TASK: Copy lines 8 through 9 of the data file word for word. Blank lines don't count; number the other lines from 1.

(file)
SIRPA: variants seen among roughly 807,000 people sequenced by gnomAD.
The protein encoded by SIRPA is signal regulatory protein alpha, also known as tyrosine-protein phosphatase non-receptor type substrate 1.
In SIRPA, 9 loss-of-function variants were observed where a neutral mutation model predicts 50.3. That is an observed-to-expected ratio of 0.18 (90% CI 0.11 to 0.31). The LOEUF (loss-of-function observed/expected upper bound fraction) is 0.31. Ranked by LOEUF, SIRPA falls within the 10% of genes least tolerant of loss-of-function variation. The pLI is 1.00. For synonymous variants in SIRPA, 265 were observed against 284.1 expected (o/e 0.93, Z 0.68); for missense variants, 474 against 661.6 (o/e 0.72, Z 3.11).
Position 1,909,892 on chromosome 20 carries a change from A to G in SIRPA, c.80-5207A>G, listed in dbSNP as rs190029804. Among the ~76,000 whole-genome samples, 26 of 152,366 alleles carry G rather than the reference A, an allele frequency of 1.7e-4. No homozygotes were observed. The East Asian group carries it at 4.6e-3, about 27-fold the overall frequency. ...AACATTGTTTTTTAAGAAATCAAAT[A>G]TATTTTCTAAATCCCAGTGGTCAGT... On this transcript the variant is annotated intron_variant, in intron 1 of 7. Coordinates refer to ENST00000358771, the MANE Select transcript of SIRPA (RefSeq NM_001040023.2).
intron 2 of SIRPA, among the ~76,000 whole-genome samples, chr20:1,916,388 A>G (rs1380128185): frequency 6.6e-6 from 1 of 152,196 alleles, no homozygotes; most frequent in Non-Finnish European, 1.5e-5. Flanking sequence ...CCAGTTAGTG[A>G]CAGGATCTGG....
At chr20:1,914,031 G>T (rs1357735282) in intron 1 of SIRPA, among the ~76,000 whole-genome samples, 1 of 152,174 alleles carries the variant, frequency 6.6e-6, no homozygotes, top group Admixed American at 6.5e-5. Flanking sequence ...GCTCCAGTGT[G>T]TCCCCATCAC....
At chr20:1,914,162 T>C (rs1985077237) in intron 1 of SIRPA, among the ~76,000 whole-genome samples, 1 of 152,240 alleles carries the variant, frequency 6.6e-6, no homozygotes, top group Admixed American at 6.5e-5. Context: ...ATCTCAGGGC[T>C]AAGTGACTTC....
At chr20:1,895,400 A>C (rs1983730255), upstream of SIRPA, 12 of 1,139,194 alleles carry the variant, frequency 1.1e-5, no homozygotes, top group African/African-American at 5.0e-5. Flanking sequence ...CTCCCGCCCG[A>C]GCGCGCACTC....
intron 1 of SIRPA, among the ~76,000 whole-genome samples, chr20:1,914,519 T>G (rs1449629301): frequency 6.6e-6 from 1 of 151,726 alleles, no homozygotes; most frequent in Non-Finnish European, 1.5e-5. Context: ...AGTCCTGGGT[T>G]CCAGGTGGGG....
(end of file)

At chr20:1,895,400 A>C (rs1983730255), upstream of SIRPA, 12 of 1,139,194 alleles carry the variant, frequency 1.1e-5, no homozygotes, top group African/African-American at 5.0e-5. Flanking sequence ...CTCCCGCCCG[A>C]GCGCGCACTC....
intron 1 of SIRPA, among the ~76,000 whole-genome samples, chr20:1,914,519 T>G (rs1449629301): frequency 6.6e-6 from 1 of 151,726 alleles, no homozygotes; most frequent in Non-Finnish European, 1.5e-5. Context: ...AGTCCTGGGT[T>G]CCAGGTGGGG....